The first and most necessary point in philosophy is the practice of the maxims, for example, not to lie. The second is the proof of the maxims, as, Whence it comes that one ought not to lie. The third is that which gives confirmation and coherence to these, as, Whence it comes that this is a proof, for what is proof? what is consequence? what is contradiction? what is truth? what is falsehood?

Thus the third point is necessary through the second, and the second through the first. But the most necessary of all, and that where we must rest, is the first. But we do the contrary. For we delay in the third point, and spend all our zeal upon that, while of the first we are utterly careless: we are liars, while we are ready in explaining how it is shown that it is wrong to lie.

The first and most necessary topic in philosophy is the practical application
of principles, as, *We ought not to lie*; the second is that of demonstrations,
as, *Why it is that we ought not to lie*; the third, that which gives strength
and logical connection to the other two, as, *Why this is a demonstration*.
For what is demonstration? What is a consequence; what a contradiction; what
truth; what falsehood? The third point is then necessary on account of the
second; and the second on account of the first. But the most necessary, and
that whereon we ought to rest, is the first. But we do just the contrary. For
we spend all our time on the third point, and employ all our diligence about
that, and entirely neglect the first. Therefore, at the same time that we lie,
we are very ready to show how it is demonstrated that lying is wrong.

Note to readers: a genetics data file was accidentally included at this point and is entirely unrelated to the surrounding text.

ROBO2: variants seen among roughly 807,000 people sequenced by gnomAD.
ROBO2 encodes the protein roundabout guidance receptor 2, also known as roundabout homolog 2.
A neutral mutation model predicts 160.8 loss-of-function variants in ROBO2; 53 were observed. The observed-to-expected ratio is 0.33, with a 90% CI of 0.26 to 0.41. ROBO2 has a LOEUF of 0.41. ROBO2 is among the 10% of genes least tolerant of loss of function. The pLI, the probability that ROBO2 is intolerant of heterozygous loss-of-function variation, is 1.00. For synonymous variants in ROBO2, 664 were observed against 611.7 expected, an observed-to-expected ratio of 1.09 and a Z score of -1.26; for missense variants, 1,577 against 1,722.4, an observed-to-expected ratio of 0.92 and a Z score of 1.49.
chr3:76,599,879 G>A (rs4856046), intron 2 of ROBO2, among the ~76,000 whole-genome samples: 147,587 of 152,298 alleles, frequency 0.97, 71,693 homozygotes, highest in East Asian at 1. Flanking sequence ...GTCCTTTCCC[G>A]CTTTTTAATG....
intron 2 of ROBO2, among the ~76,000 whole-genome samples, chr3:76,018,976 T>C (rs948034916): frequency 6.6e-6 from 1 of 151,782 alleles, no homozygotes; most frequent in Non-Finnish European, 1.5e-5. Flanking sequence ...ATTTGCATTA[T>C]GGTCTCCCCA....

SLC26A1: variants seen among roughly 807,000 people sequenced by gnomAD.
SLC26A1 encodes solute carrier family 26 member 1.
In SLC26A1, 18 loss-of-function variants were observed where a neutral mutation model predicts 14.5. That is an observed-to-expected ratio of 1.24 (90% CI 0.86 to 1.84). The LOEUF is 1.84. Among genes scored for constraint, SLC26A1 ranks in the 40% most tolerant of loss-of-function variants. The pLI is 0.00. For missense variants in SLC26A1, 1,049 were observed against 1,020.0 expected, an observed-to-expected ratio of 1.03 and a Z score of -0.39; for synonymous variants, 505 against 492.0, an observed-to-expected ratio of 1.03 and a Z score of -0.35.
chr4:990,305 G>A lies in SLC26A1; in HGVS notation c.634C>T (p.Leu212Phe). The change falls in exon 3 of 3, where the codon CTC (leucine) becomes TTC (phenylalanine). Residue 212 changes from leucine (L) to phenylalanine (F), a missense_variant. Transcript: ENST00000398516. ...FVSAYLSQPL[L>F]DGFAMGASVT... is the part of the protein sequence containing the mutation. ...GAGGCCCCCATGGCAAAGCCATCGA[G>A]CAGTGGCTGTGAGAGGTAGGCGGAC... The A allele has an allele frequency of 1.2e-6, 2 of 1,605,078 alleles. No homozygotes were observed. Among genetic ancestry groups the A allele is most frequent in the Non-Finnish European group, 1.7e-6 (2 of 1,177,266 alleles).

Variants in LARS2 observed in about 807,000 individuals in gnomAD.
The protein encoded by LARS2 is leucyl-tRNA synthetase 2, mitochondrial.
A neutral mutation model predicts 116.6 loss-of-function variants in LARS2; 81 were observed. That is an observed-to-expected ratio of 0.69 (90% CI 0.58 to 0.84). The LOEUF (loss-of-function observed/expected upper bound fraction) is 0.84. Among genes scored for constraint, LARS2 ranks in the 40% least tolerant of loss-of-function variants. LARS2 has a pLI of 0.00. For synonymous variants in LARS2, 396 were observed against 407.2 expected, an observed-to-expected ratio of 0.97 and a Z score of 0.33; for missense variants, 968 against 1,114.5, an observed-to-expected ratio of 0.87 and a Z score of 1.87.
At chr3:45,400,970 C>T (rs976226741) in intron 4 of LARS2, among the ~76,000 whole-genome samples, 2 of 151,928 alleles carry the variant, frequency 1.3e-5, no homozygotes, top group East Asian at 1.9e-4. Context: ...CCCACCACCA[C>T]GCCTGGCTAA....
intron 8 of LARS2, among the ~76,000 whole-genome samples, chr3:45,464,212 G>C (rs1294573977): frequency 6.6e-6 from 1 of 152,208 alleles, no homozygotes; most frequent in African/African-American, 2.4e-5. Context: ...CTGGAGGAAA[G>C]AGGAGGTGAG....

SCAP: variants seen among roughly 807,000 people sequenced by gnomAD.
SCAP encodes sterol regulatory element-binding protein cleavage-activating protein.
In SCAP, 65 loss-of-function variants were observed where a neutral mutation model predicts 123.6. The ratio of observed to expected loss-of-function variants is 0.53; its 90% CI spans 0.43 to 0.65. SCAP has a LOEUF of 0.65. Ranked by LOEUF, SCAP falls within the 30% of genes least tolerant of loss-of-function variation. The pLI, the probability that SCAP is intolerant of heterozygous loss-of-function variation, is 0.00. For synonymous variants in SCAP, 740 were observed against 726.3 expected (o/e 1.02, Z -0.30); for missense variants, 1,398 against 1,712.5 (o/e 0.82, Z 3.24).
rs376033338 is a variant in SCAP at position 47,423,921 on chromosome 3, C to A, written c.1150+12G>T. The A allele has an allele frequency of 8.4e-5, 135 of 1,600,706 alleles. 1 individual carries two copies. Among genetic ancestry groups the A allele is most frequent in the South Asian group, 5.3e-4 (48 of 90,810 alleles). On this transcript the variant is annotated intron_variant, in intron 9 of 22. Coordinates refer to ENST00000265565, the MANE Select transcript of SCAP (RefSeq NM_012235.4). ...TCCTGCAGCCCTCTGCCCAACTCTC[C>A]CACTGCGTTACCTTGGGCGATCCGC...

The first and most necessary topic in philosophy is that of the use of moral theorems, such as, “We ought not to lie;” the second is that of demonstrations, such as, “What is the origin of our obligation not to lie;” the third gives strength and articulation to the other two, such as, “What is the origin of this is a demonstration.” For what is demonstration? What is consequence? What contradiction? What truth? What falsehood? The third topic, then, is necessary on the account of the second, and the second on the account of the first. But the most necessary, and that whereon we ought to rest, is the first. But we act just on the contrary. For we spend all our time on the third topic, and employ all our diligence about that, and entirely neglect the first. Therefore, at the same time that we lie, we are immediately prepared to show how it is demonstrated that lying is not right.

Ὁ πρῶτος καὶ ἀναγκαιότατος τόπος ἐστὶν ἐν φιλοσοφίᾳ ὁ τῆς χρήσεως τῶν θεωρημάτων, οἷον τὸ μὴ ψεύδεσθαι: ὁ δεύτερος ὁ τῶν ἀποδείξεων, οἷον πόθεν ὅτι οὐ δεῖ ψεύδεσθαι: τρίτος ὁ αὐτῶν τούτων βεβαιωτικὸς καὶ διαρθρωτικός, οἷον πόθεν ὅτι τοῦτο ἀπόδειξις; τί γάρ ἐστιν ἀπόδειξις, τί ἀκολουθία, τί μάχη, τί ἀληθές, τί ψεῦδος;

οὐκοῦν ὁ μὲν τρίτος τόπος ἀναγκαῖος διὰ τὸν δεύτερον, ὁ δὲ δεύτερος διὰ τὸν πρῶτον: ὁ δὲ ἀναγκαιότατος καὶ ὅπου ἀναπαύεσθαι δεῖ, ὁ πρῶτος. ἡμεῖς δὲ ἔμπαλιν ποιοῦμεν: ἐν γὰρ τῷ τρίτῳ τόπῳ διατρίβομεν καὶ περὶ ἐκεῖνόν ἐστιν ἡμῖν ἡ πᾶσα σπουδή: τοῦ δὲ πρώτου παντελῶς ἀμελοῦμεν. τοιγαροῦν ψευδόμεθα μέν, πῶς δὲ ἀποδείκνυται ὅτι οὐ δεῖ ψεύδεσθαι, πρόχειρον ἔχομεν.